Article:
Will Huston recently wrote me an email asking me to write about the appeal of Superman:
You’ve already done insightful pieces on Lois Lane and Lex Luthor, but I need something to sell people on reading Superman. A lot of my friends think he’s boring, or overpowered, which I don’t get, but I’m having trouble articulating my argument.
The appeal of Superman is quite simple and one that is frequently misunderstood by most people because they automatically want to turn him into a Jesus analogue. Admittedly, the reasons for Superman being cast in people’s minds as a Jesus analogue are pretty obvious and straightforward: the combination of godly power1 with a seemingly bottomless well of compassion and grace. It’s something that just hits the switch in our literary-critic mode that says “hey! Jesus!”
And it’s wrong beyond the most obvious and superficial level. That doesn’t mean it doesn’t see use; of course it does. But it’s still far too simple to really do the character justice.
Superman isn’t a Jesus analogue because, unlike Jesus, his moral vision is not imposed. The word of Jesus is the word of God2 and therefore what he says goes, dictation straight from the Almighty. Superman is the exact opposite: a man whose moral vision comes not from a source exterior to humanity but from humanity itself, via Ma and Pa Kent, who are themselves immensely decent people. He ultimately isn’t a received savior, regardless of the origin of his powers; he’s Superman, the apotheosis of what human virtue can be. He’s an aspirational figure first and foremost.3 There’s a reason people get S-symbol tattoos; they have meaning in a way that other superhero images just don’t.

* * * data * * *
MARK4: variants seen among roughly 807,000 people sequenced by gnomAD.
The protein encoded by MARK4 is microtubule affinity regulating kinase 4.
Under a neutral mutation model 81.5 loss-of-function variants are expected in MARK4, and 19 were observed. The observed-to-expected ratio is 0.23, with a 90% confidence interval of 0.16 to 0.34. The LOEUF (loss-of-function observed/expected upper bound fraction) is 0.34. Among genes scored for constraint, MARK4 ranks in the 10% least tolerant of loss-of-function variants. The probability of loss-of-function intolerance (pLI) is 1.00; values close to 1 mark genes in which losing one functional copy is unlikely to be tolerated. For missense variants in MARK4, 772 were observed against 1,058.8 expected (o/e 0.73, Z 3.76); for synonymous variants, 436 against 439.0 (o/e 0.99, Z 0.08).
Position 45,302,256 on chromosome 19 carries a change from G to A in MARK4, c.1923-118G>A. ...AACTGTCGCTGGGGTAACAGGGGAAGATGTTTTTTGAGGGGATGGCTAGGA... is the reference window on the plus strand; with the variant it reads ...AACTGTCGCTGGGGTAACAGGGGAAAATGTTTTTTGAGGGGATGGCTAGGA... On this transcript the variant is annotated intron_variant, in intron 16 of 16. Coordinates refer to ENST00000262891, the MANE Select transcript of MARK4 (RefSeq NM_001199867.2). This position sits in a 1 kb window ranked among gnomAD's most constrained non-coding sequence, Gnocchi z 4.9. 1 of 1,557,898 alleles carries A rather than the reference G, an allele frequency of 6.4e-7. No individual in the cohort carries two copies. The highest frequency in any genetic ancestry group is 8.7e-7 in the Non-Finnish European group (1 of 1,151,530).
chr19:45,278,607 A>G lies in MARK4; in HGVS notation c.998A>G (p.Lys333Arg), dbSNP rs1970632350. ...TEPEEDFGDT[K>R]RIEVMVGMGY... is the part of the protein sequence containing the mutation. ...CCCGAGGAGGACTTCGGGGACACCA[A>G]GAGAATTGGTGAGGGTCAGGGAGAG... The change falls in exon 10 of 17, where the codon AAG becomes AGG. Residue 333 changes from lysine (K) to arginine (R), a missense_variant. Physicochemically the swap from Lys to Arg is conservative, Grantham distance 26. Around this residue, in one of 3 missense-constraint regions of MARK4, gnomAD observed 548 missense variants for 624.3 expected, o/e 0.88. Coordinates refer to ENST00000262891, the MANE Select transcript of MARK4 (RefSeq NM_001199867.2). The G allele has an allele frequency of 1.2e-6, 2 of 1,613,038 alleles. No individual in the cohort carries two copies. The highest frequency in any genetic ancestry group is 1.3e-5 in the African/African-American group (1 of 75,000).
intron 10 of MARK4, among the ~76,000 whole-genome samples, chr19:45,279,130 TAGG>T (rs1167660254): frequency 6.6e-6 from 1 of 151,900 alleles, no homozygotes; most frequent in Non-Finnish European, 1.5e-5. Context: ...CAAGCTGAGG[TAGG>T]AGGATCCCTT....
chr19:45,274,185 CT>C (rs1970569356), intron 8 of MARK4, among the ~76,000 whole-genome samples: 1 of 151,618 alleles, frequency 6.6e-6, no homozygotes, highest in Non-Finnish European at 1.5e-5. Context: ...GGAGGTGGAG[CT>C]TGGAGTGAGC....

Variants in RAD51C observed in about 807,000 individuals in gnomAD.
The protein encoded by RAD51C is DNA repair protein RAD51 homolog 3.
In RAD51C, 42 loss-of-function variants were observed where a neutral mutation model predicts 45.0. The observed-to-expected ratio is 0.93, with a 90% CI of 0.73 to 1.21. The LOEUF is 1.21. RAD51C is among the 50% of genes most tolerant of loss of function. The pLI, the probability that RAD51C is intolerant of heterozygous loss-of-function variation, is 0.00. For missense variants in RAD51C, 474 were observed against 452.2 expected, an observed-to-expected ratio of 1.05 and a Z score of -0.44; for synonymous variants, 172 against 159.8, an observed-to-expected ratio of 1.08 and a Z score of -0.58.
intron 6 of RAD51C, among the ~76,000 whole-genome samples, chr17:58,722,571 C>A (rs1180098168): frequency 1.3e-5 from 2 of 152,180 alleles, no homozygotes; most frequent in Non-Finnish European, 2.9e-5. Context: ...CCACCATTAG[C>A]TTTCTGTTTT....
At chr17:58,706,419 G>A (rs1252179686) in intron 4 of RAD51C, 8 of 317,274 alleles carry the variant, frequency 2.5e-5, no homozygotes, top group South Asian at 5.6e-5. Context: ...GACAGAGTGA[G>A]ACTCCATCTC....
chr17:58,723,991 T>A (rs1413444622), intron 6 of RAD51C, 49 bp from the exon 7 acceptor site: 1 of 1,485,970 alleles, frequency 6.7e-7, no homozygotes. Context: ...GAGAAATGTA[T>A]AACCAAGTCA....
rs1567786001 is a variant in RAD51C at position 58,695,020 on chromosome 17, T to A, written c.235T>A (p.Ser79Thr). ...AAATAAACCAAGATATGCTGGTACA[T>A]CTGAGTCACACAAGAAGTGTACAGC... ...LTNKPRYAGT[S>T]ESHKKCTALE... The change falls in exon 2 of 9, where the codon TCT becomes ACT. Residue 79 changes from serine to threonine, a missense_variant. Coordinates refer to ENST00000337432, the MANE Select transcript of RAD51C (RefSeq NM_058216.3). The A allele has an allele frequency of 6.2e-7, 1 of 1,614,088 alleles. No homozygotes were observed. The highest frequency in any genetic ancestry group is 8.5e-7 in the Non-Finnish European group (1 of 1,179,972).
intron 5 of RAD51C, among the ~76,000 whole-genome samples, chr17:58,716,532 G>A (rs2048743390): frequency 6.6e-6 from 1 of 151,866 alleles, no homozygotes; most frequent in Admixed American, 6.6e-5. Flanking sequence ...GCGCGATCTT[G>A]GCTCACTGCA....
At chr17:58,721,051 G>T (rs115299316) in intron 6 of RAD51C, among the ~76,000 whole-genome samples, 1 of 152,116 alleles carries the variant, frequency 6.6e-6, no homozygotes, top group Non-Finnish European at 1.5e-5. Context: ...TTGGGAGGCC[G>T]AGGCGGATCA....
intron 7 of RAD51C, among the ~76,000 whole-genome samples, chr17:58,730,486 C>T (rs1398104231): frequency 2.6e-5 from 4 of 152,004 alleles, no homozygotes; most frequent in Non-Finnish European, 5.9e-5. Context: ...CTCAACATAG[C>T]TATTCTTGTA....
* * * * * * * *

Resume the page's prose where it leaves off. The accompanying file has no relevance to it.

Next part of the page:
But that’s only the surface of why Superman is a compelling figure and an engaging source of story. See, once you get past him being the aspirational figure that he is, you have to start wondering how and why he is that figure, what it means to be. People like to talk about how villains are more interesting, but with rare exceptions (like Lex Luthor), they really aren’t – they’re a base desire manifested in human form without the usual limitation we expect, an inversion of the norms. Similarly most heroes are just confirmation of those norms. Geoff Johns’ reimagining of Barry Allen as someone who became a cop because his mother died is a good example, framing virtue in simple cause-and-effect terms that are ultimately kind of limiting. DC has gradually introduced backstories explaining why most of their characters are superheroes, usually framing it in this manner. Hawkman is a superhero because of an ancient curse. Green Lantern is a superhero because his father died when he was little. Batman – duh. And so forth. You can call it the Batmanification of superheroes or the Marvelization – since Marvel’s characters often fall into superheroism by accident or happenstance when you consider their origins, which is often limiting in an entirely different way – but it is creeping and increasingly omnipresent in superhero storytelling.